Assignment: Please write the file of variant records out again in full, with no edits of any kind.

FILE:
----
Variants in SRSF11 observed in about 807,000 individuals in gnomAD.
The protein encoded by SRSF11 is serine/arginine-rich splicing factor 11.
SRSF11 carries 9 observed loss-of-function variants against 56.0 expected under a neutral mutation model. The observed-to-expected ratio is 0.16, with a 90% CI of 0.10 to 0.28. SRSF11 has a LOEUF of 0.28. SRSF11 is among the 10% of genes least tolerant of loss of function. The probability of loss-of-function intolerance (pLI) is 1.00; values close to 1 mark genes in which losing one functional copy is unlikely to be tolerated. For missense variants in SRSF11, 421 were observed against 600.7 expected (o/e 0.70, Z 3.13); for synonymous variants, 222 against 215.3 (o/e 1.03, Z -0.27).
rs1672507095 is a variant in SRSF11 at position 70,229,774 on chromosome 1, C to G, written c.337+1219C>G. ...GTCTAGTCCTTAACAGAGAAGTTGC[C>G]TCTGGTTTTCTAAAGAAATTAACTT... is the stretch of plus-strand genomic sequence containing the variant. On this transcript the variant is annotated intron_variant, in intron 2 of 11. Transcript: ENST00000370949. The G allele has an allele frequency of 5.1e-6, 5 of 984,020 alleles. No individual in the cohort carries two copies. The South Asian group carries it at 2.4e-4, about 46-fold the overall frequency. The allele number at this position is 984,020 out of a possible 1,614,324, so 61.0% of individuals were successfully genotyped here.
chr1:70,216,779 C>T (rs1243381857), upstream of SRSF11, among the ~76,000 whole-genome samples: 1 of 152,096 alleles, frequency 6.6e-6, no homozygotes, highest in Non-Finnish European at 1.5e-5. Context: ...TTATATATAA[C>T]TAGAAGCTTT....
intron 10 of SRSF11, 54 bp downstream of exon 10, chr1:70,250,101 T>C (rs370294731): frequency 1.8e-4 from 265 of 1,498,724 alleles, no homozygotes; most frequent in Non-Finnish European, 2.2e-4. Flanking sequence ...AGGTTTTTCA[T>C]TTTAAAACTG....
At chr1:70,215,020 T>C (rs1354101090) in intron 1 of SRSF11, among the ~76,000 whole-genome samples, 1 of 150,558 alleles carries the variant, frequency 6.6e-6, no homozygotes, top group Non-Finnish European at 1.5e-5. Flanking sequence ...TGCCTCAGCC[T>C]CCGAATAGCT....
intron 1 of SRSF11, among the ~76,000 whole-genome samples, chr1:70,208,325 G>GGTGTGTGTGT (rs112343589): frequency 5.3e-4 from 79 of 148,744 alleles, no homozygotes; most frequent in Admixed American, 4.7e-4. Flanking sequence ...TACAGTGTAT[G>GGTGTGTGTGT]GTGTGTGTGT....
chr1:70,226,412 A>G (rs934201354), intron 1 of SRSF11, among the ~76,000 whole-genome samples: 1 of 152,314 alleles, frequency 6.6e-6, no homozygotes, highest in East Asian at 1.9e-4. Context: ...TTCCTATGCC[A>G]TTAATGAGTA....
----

Variants in SRSF11 observed in about 807,000 individuals in gnomAD.
The protein encoded by SRSF11 is serine/arginine-rich splicing factor 11.
SRSF11 carries 9 observed loss-of-function variants against 56.0 expected under a neutral mutation model. The observed-to-expected ratio is 0.16, with a 90% CI of 0.10 to 0.28. SRSF11 has a LOEUF of 0.28. SRSF11 is among the 10% of genes least tolerant of loss of function. The probability of loss-of-function intolerance (pLI) is 1.00; values close to 1 mark genes in which losing one functional copy is unlikely to be tolerated. For missense variants in SRSF11, 421 were observed against 600.7 expected (o/e 0.70, Z 3.13); for synonymous variants, 222 against 215.3 (o/e 1.03, Z -0.27).
rs1672507095 is a variant in SRSF11 at position 70,229,774 on chromosome 1, C to G, written c.337+1219C>G. ...GTCTAGTCCTTAACAGAGAAGTTGC[C>G]TCTGGTTTTCTAAAGAAATTAACTT... is the stretch of plus-strand genomic sequence containing the variant. On this transcript the variant is annotated intron_variant, in intron 2 of 11. Transcript: ENST00000370949. The G allele has an allele frequency of 5.1e-6, 5 of 984,020 alleles. No individual in the cohort carries two copies. The South Asian group carries it at 2.4e-4, about 46-fold the overall frequency. The allele number at this position is 984,020 out of a possible 1,614,324, so 61.0% of individuals were successfully genotyped here.
chr1:70,216,779 C>T (rs1243381857), upstream of SRSF11, among the ~76,000 whole-genome samples: 1 of 152,096 alleles, frequency 6.6e-6, no homozygotes, highest in Non-Finnish European at 1.5e-5. Context: ...TTATATATAA[C>T]TAGAAGCTTT....
intron 10 of SRSF11, 54 bp downstream of exon 10, chr1:70,250,101 T>C (rs370294731): frequency 1.8e-4 from 265 of 1,498,724 alleles, no homozygotes; most frequent in Non-Finnish European, 2.2e-4. Flanking sequence ...AGGTTTTTCA[T>C]TTTAAAACTG....
At chr1:70,215,020 T>C (rs1354101090) in intron 1 of SRSF11, among the ~76,000 whole-genome samples, 1 of 150,558 alleles carries the variant, frequency 6.6e-6, no homozygotes, top group Non-Finnish European at 1.5e-5. Flanking sequence ...TGCCTCAGCC[T>C]CCGAATAGCT....
intron 1 of SRSF11, among the ~76,000 whole-genome samples, chr1:70,208,325 G>GGTGTGTGTGT (rs112343589): frequency 5.3e-4 from 79 of 148,744 alleles, no homozygotes; most frequent in Admixed American, 4.7e-4. Flanking sequence ...TACAGTGTAT[G>GGTGTGTGTGT]GTGTGTGTGT....
chr1:70,226,412 A>G (rs934201354), intron 1 of SRSF11, among the ~76,000 whole-genome samples: 1 of 152,314 alleles, frequency 6.6e-6, no homozygotes, highest in East Asian at 1.9e-4. Context: ...TTCCTATGCC[A>G]TTAATGAGTA....